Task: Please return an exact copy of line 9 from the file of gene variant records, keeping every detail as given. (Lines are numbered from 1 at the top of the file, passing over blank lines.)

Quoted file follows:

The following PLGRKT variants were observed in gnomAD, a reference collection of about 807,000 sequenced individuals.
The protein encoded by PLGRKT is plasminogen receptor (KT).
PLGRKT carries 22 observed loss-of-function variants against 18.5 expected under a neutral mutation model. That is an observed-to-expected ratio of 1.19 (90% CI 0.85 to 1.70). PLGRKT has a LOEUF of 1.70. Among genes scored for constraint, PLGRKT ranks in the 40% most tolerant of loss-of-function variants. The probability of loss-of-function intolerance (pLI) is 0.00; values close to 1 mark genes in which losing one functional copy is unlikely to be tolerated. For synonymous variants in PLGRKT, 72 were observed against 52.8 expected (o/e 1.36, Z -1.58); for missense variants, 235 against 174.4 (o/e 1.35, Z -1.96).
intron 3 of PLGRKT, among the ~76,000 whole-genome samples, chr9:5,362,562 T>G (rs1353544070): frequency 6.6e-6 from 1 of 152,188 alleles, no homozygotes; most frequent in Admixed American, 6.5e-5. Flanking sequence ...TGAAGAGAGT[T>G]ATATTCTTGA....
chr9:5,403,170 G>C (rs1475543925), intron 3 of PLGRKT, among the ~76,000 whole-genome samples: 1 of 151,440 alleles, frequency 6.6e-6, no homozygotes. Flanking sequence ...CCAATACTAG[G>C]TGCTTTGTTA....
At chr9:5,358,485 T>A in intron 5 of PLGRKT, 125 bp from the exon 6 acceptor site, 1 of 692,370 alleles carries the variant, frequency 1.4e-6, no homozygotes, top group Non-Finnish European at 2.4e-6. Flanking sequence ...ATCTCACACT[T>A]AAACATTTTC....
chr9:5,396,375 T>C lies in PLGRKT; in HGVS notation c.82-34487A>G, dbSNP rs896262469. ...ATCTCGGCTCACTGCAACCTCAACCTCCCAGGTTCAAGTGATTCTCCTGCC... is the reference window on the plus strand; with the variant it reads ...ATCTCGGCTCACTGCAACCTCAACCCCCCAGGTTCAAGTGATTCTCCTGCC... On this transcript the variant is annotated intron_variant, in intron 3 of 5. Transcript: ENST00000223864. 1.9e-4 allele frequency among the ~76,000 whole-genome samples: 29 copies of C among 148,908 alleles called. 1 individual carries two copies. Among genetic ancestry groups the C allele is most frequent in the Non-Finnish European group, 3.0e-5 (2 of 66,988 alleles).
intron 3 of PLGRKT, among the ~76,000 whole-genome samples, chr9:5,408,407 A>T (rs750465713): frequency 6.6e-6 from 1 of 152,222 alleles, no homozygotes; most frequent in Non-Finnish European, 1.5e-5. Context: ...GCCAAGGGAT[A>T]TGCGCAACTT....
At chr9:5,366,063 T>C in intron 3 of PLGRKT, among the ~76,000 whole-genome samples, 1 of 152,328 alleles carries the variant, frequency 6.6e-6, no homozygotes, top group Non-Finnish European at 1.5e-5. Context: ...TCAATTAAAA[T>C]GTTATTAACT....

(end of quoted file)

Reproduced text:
At chr9:5,366,063 T>C in intron 3 of PLGRKT, among the ~76,000 whole-genome samples, 1 of 152,328 alleles carries the variant, frequency 6.6e-6, no homozygotes, top group Non-Finnish European at 1.5e-5. Context: ...TCAATTAAAA[T>C]GTTATTAACT....